• http://www.jossieloves.blogspot.com Jos Budge

    Yum – my fav flavours and I too am a die-hard risotto fan. I can never understand people saying it is hard to make – so easy and I’m with you about making it armed with a glass of vino!!!! On the list for tonight!

  • http://www.jossieloves.blogspot.com Jos Budge

    A little update – it was divine!!!!!!!! So lemony and creamy – and perfect with peas and mint. Would be great paired up with a roast chicken when having friends over. Thank you – it’s on our make it more list! Happy Easter!

  • annabwatson

    Hi Jos! I am SO glad to hear you made the risotto and liked it!! I love risotto any time of year, but with the peas and the lemon, it really tastes like spring. Happy Easter to you, too!
    -Anna

  • http://www.jossieloves.blogspot.com Jos Budge

    Making it again right now – we are addicted!

  • annabwatson

    So glad to hear :) Enjoy!

  • Pingback: Spring Peas & Mint: Part I | The Yellow Table

  • Tanya Springer Bishai

    making this tonight which will take my devoted attention and right now i really need to get lost in goodness. Thanks AWC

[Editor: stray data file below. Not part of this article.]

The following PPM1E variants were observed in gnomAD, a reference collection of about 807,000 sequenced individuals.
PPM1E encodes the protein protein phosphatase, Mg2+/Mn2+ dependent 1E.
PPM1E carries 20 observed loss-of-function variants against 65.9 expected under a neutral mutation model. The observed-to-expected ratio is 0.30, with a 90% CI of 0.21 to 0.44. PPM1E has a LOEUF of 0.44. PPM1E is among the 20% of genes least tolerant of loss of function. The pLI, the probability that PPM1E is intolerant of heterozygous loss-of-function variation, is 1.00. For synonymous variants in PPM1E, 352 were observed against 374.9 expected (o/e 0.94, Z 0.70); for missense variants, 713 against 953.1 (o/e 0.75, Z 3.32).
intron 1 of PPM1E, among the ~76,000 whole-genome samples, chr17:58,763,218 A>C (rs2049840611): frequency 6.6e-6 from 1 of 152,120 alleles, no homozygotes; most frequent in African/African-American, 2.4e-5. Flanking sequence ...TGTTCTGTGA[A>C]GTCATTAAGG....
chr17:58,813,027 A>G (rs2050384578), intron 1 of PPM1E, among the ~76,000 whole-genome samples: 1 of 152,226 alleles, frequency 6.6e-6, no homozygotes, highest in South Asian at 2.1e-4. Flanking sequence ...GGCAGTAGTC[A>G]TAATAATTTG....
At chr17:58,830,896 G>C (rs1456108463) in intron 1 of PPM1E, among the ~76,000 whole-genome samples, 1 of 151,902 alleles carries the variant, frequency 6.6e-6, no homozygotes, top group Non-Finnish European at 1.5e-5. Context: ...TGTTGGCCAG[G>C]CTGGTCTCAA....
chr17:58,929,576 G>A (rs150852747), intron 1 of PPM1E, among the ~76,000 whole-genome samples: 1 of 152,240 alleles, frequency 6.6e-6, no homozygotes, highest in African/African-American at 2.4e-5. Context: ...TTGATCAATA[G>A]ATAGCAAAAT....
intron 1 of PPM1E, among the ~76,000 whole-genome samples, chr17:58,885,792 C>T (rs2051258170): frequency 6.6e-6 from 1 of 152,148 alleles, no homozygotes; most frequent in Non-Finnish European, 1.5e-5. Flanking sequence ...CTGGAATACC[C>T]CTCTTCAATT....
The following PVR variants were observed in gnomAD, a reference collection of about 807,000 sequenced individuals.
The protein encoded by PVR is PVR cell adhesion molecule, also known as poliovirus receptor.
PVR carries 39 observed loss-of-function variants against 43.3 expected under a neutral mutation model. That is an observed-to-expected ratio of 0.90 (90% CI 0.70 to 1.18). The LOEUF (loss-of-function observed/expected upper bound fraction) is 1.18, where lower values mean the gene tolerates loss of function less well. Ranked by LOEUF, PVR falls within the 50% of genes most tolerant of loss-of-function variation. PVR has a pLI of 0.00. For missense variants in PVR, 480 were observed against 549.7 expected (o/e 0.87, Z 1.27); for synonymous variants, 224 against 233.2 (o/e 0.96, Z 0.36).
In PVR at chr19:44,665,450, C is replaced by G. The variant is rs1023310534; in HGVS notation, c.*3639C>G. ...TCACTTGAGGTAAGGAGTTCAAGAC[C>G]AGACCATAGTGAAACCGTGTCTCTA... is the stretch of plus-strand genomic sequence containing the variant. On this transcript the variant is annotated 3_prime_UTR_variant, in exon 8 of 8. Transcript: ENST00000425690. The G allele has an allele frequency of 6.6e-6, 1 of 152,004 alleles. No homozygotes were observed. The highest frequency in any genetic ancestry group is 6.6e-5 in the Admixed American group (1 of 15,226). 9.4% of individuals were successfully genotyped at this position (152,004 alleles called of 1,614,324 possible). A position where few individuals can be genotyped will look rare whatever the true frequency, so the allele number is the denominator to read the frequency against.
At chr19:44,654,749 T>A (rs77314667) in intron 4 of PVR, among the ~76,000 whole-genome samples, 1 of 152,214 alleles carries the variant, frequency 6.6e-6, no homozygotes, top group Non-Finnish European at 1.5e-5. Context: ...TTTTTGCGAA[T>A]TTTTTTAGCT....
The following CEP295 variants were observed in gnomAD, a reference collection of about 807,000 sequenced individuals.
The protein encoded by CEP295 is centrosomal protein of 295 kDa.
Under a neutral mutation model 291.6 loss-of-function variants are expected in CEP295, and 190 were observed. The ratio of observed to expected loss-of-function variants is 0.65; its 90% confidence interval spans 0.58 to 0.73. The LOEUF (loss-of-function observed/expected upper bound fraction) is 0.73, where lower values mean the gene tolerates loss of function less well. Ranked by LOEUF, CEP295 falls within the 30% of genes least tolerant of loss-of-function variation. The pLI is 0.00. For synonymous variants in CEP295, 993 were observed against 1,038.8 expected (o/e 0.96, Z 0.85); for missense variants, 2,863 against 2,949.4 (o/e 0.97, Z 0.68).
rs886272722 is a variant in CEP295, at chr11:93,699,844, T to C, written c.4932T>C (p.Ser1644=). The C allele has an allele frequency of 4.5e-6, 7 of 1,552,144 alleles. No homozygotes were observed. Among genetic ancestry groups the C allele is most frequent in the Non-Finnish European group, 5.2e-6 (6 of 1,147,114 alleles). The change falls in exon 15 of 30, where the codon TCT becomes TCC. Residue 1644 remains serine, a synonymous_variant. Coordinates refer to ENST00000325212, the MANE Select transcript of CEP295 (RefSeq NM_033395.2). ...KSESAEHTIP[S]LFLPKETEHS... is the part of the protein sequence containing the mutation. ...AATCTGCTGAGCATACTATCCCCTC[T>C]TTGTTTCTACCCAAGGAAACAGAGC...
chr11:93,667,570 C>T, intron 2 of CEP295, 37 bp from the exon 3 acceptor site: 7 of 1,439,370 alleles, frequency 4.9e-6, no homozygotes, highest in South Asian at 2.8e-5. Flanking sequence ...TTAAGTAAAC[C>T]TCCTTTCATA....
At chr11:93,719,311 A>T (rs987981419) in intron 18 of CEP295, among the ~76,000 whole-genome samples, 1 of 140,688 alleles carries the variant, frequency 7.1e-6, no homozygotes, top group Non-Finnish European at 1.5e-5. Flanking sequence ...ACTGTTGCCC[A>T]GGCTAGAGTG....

My name is Anna Watson Carl. In a word, I love food, I love France, and I love throwing dinner parties. Over the years, I've worked as a personal chef, taught cooking classes, edited cookbooks, written for magazines, tested and styled recipes, and traveled whenever opportunity has arisen. But at heart, there's nothing I love more than sharing a meal with friends around the yellow table.

For me, cooking has always been a way of life. As a (mildly precocious) ten-year old, I planned and prepared a four-course Valentine's dinner for my parents, birthing a lifelong passion for dinner parties. That was just the beginning. I've been cooking ever since, whipping up souffles at a chateau in Burgundy, searing filet mignon for a wealthy client's dog (bizarre, but true), butchering ducks for confit de canard in Paris, baking the night shift in Nashville, and bathing the floor of my NYC apartment in turkey brine...the story continues.